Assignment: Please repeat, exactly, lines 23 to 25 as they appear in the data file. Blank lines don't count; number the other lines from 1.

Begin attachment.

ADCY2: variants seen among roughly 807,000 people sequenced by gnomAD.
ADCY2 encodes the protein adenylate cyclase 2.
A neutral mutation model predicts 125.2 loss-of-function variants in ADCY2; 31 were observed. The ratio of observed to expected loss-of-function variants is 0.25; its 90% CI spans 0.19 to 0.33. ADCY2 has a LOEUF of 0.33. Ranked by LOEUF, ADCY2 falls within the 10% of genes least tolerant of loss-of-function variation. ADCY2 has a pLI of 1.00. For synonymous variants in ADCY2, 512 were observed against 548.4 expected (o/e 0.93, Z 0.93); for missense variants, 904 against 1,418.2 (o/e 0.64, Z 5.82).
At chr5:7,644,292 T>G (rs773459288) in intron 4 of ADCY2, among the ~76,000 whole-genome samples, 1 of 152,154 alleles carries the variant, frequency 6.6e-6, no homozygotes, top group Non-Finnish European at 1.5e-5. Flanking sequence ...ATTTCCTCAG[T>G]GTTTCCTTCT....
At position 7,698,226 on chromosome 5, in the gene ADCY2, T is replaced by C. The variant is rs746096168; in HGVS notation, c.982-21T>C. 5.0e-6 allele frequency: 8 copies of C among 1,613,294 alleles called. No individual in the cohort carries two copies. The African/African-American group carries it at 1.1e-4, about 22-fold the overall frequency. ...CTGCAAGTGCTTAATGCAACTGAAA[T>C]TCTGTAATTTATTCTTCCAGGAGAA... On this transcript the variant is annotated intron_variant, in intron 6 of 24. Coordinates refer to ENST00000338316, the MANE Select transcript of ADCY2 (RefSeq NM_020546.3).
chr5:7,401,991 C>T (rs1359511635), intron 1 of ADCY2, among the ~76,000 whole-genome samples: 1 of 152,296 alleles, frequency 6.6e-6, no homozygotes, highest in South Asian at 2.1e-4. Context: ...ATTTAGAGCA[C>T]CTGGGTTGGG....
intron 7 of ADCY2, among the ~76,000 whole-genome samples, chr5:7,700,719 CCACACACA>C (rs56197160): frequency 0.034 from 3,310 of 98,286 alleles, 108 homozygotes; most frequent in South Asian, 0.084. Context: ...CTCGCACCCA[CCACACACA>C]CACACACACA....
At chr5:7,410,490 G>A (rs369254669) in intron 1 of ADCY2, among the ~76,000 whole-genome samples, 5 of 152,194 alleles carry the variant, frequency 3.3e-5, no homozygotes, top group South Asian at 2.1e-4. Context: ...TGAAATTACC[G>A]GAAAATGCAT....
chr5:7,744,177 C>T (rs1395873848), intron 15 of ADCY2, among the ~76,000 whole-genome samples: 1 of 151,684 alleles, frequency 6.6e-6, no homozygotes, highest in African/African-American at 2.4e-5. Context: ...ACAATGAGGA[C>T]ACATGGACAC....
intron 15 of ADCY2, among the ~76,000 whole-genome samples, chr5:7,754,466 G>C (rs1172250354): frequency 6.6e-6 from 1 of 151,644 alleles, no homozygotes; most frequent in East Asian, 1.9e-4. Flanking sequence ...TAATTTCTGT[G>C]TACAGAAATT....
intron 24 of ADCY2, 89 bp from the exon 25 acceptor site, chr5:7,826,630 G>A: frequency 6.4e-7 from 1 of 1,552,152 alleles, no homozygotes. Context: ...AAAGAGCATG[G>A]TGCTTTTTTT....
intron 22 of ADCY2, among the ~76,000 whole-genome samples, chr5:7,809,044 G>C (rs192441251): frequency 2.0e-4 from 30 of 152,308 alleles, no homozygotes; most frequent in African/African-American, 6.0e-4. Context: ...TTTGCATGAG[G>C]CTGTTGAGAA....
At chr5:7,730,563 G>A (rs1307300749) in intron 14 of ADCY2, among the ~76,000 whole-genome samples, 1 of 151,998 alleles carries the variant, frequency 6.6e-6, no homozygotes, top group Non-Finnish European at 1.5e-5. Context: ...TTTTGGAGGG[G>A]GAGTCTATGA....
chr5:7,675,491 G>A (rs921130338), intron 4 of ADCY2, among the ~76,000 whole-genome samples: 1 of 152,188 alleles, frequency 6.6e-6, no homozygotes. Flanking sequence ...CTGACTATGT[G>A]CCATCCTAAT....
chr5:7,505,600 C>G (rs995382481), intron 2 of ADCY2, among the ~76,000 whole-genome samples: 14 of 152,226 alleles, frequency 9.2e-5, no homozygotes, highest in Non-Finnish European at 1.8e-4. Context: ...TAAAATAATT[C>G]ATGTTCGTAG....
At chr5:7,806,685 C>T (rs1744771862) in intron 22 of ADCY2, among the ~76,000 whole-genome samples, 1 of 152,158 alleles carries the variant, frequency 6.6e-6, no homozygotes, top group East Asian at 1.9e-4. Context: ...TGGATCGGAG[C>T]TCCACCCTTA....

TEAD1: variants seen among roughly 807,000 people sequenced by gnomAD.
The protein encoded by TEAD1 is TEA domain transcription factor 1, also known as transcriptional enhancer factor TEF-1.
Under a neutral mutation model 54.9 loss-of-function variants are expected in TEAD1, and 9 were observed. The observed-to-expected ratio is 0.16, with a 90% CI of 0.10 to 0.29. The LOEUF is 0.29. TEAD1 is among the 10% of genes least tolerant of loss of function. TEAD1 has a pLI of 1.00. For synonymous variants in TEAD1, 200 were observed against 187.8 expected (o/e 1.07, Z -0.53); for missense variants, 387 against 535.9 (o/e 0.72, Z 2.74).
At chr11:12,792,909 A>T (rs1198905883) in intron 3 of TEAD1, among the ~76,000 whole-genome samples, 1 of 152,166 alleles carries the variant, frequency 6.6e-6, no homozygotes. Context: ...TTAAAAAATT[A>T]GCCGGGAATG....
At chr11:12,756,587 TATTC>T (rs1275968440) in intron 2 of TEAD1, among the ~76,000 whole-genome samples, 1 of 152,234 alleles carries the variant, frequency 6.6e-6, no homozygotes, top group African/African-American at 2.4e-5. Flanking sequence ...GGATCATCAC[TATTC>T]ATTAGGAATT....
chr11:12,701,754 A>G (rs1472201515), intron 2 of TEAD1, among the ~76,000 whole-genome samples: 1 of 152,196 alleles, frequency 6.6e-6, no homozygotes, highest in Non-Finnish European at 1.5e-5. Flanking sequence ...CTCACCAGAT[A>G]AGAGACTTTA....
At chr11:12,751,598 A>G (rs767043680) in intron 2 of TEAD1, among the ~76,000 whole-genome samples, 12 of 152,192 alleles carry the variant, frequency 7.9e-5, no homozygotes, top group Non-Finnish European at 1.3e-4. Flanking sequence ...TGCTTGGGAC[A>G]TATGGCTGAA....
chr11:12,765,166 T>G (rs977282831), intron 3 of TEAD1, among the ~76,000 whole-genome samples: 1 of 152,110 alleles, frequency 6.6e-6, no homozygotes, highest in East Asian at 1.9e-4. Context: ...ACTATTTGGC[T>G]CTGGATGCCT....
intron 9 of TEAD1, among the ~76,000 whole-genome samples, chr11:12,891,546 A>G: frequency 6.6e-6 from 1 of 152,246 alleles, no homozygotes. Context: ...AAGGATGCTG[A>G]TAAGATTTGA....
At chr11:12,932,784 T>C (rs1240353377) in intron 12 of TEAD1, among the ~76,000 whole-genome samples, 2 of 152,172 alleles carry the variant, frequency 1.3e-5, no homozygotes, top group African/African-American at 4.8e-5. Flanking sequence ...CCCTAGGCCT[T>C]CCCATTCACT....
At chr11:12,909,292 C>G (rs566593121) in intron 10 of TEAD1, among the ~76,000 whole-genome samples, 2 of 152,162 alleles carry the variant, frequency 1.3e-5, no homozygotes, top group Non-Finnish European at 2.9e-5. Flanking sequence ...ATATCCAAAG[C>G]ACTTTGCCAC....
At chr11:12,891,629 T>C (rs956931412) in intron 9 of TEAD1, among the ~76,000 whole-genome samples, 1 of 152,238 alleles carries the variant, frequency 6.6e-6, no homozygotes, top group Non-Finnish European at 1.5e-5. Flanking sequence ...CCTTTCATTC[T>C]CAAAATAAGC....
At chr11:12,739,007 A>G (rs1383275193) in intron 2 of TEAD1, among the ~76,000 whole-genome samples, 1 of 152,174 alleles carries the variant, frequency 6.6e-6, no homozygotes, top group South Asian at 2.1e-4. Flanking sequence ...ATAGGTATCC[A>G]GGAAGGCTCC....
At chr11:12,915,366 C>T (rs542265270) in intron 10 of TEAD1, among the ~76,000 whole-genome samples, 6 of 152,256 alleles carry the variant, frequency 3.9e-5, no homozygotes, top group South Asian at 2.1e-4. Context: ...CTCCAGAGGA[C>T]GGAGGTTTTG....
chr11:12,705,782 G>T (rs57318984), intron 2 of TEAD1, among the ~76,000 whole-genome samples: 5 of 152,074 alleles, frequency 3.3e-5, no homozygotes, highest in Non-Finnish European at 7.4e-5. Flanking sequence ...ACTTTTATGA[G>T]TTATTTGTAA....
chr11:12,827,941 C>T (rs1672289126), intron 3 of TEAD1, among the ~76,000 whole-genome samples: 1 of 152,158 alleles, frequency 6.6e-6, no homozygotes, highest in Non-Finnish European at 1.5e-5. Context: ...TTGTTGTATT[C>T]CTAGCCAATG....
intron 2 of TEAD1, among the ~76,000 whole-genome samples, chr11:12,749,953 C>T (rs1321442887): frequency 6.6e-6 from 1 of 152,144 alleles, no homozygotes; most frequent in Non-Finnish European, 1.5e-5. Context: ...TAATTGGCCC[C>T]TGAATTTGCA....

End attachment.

At chr11:12,751,598 A>G (rs767043680) in intron 2 of TEAD1, among the ~76,000 whole-genome samples, 12 of 152,192 alleles carry the variant, frequency 7.9e-5, no homozygotes, top group Non-Finnish European at 1.3e-4. Flanking sequence ...TGCTTGGGAC[A>G]TATGGCTGAA....
chr11:12,765,166 T>G (rs977282831), intron 3 of TEAD1, among the ~76,000 whole-genome samples: 1 of 152,110 alleles, frequency 6.6e-6, no homozygotes, highest in East Asian at 1.9e-4. Context: ...ACTATTTGGC[T>G]CTGGATGCCT....
intron 9 of TEAD1, among the ~76,000 whole-genome samples, chr11:12,891,546 A>G: frequency 6.6e-6 from 1 of 152,246 alleles, no homozygotes. Context: ...AAGGATGCTG[A>G]TAAGATTTGA....